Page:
Bridging Connectivity Gaps in Africa with FWA Solutions – Ericsson

By Chafic Traboulsi, Vice President and Head of Networks at Ericsson Middle East and Africa

Addressing the Global Digital Divide

Today, the global digital divide persists, with around 1 billion households without fixed broadband, and projections indicating that approximately 30% of households worldwide may still lack broadband connectivity by 2028, according to an Ericsson analysis. At the same time, 3GPP technologies, including LTE and 5G, are poised to offer extensive coverage, reaching over 95% of households globally for LTE and around 85% for 5G by 2028. This widespread household coverage presents a unique avenue for mobile operators to deliver Fixed Wireless Access (FWA) services on top of their existing Mobile Broadband (MBB) offerings.

Unique Challenges in the African Context

Within Africa, we expect these figures to be significantly lower as the region starts from a lower level of broadband penetration compared to other global regions. Therefore, the question is how the unconnected households and businesses can be effectively and quickly covered to close the digital divide?

Finding the right solution for home broadband

The solutions for home broadband can be gathered into three main categories: Fixed-dedicated line solutions like fiber or DSL, satellite-based solutions and finally fixed wireless access (FWA). xDSL and cable require relatively low investments, particularly if pre-existing infrastructure is available. In contrast, the appeal of fiber lies in its capacity to provide high speeds. However, limitations in xDSL and cable, related to speed and distance, can curtail future-proofness. Meanwhile, the extensive upfront investment associated with fiber, including factors like civil engineering and project approvals, contributes to its deployment challenges. In this context, FWA’s ability to offer lower costs (it can be as low as a tenth of the cost of laying fiber (Fierce Wireless, 2018)), increased flexibility, and expedited deployment timelines has garnered attention.

Furthermore, while fixed broadband services can only be used to provide home broadband connectivity, FWA can also be used for multiple use cases including Mobile BroadBand (MBB) and Internet of Things (IoT). This enables using the same radio network infrastructure to address multiple use cases.

FWA Solutions for Bridging Africa’s Connectivity Divide

FWA emerges as a pivotal tool for addressing Africa’s broadband needs. While 4G FWA provides an initial steppingstone, the potential of 5G becomes evident through its ability to deliver fiber-like speeds, complementing the fixed broadband in a country. Remarkably, several African markets, including Angola, South Africa, Nigeria, and Zimbabwe, have already started to offer 5G FWA services. This pivot towards FWA can be attributed to its cost-effectiveness, rapid deployment capabilities, and inherent flexibility, making it an enticing choice over traditional fixed services.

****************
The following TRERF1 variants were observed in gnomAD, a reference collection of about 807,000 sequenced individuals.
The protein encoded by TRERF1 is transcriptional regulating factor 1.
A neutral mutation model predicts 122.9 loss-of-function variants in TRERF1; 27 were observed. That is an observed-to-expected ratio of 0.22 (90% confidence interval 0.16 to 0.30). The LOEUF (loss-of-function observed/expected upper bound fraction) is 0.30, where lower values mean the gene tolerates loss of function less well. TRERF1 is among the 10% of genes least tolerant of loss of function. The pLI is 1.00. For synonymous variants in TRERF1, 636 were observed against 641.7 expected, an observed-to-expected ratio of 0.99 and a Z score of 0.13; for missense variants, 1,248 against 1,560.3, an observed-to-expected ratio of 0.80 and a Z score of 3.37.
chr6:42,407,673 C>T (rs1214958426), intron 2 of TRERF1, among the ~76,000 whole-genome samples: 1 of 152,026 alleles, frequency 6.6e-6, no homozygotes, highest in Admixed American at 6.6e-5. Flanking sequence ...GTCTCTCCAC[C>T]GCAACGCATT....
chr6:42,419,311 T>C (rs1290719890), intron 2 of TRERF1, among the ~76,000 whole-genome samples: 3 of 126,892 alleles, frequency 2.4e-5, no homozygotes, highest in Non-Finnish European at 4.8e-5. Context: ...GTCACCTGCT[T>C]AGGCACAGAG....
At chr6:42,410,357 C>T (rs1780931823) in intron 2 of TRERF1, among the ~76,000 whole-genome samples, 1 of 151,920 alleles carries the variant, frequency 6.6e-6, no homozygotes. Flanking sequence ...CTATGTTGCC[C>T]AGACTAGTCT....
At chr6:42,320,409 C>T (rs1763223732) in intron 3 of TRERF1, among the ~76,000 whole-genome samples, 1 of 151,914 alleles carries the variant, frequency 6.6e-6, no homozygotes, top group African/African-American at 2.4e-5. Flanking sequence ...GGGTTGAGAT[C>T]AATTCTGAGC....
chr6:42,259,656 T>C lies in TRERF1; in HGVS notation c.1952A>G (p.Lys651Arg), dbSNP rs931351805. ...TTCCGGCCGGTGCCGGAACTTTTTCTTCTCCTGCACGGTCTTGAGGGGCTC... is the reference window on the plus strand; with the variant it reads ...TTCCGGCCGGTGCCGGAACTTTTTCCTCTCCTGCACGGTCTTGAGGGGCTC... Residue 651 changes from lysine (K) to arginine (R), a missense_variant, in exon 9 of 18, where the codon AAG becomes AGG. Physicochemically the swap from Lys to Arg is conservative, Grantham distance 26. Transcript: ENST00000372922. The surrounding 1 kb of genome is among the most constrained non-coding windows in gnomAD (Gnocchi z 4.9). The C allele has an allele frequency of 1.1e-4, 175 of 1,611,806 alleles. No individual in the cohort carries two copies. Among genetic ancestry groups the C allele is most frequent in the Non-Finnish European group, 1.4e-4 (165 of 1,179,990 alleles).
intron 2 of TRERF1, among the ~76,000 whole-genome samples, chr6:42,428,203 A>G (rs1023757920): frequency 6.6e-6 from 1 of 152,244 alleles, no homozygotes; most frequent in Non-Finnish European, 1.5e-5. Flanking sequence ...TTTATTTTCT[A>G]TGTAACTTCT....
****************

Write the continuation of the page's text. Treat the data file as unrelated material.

A notable example of how FWA can be utilized to enable digital inclusion – beyond home connectivity – is our recent joint initiative with FREE Senegal, in which several schools will be connected with Fixed Wireless Access technology, and will also be provided with laptops, learning content, and teacher training to support the development of the ecosystem. The project will run as a part of Ericsson’s Connect to Learn program, a global education initiative to improve educational opportunities through technology.

The Multifaceted Deployment Strategies of FWA

FWA mainly means that we are using ‘wireless’ access for the last mile of connectivity. While it sounds simple as it is, there are multiple ways of deploying FWA: the “best-effort” approach and the “speed-based” approach.

In a “best-effort” scenario, households have an indoor wireless router with wide-area wireless capabilities (e.g., 3GPP) to/from the home, and Wi-Fi or LAN cabling connects the router to local devices. The router and subscription are nomadic, allowing portability as long as the subscription is active. The subscription often mirrors mobile broadband principles, potentially with increased data allowances. The “best-effort” label comes from the fact that the nomadic nature of the devices makes it difficult to provide very high-grade guaranteed offerings.

Speed-based FWA, is where we believe the communication service providers should focus more. This approach focuses on outfitting homes with wide-area wireless-capable devices (like 3GPP) – either outdoor-mounted on roofs/walls or indoor units with advanced antennas. Managed like fixed broadband, remote setup and fault handling use standard protocols. Custom price plans, emphasizing data rates, mirror fixed broadband offerings. Superior performance in speed-based plans often leads to higher ARPU compared to basic options, aligning with market norms. Service providers can strategically mix varied packages for different user groups. Subscriptions are typically tied to specific locations, linked to fixed-mounted CPEs or logically adjusted upon relocation. This location-aware method sharpens FWA service delivery precision.

FWA’s Role in Closing Africa’s Digital Divide
In summary, FWA, particularly 5G FWA, emerges as a potent instrument to bridge Africa’s digital divide. For governments and regulators interested in bridging the digital divide in their countries it should be a priority that the frequencies needed for 5G FWA are released quickly and in an affordable way.
Capitalizing on the expansive network scale, robust device ecosystem, and innovation of 5G, FWA is optimally poised to connect the homes, enterprises and communities that are without broadband access today. By facilitating fast and dependable broadband access, FWA catalyzes economic growth and empowerment, strategically positioning Africa to harness the opportunities of the digital age.